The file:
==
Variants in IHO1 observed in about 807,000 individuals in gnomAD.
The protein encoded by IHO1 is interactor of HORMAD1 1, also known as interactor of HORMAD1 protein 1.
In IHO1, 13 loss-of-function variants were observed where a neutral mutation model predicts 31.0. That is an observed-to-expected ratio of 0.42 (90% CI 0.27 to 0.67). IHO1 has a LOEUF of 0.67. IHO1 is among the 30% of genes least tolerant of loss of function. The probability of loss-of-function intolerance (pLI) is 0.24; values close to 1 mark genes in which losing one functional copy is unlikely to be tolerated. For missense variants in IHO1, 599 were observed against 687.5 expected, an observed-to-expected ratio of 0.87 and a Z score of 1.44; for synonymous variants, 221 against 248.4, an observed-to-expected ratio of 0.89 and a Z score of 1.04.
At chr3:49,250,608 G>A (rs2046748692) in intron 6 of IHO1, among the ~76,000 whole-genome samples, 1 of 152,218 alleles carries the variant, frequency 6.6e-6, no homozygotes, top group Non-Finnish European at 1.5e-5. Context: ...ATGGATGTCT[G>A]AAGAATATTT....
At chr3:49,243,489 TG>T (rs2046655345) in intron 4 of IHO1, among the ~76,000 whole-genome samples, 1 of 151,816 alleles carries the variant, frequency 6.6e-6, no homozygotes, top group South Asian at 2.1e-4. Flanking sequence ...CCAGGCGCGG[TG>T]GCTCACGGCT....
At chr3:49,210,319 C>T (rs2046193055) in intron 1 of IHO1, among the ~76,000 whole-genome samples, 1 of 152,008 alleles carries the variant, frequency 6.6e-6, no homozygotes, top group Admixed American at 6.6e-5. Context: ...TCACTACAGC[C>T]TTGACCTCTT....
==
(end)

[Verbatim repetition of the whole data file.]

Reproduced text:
Variants in IHO1 observed in about 807,000 individuals in gnomAD.
The protein encoded by IHO1 is interactor of HORMAD1 1, also known as interactor of HORMAD1 protein 1.
In IHO1, 13 loss-of-function variants were observed where a neutral mutation model predicts 31.0. That is an observed-to-expected ratio of 0.42 (90% CI 0.27 to 0.67). IHO1 has a LOEUF of 0.67. IHO1 is among the 30% of genes least tolerant of loss of function. The probability of loss-of-function intolerance (pLI) is 0.24; values close to 1 mark genes in which losing one functional copy is unlikely to be tolerated. For missense variants in IHO1, 599 were observed against 687.5 expected, an observed-to-expected ratio of 0.87 and a Z score of 1.44; for synonymous variants, 221 against 248.4, an observed-to-expected ratio of 0.89 and a Z score of 1.04.
At chr3:49,250,608 G>A (rs2046748692) in intron 6 of IHO1, among the ~76,000 whole-genome samples, 1 of 152,218 alleles carries the variant, frequency 6.6e-6, no homozygotes, top group Non-Finnish European at 1.5e-5. Context: ...ATGGATGTCT[G>A]AAGAATATTT....
At chr3:49,243,489 TG>T (rs2046655345) in intron 4 of IHO1, among the ~76,000 whole-genome samples, 1 of 151,816 alleles carries the variant, frequency 6.6e-6, no homozygotes, top group South Asian at 2.1e-4. Flanking sequence ...CCAGGCGCGG[TG>T]GCTCACGGCT....
At chr3:49,210,319 C>T (rs2046193055) in intron 1 of IHO1, among the ~76,000 whole-genome samples, 1 of 152,008 alleles carries the variant, frequency 6.6e-6, no homozygotes, top group Admixed American at 6.6e-5. Context: ...TCACTACAGC[C>T]TTGACCTCTT....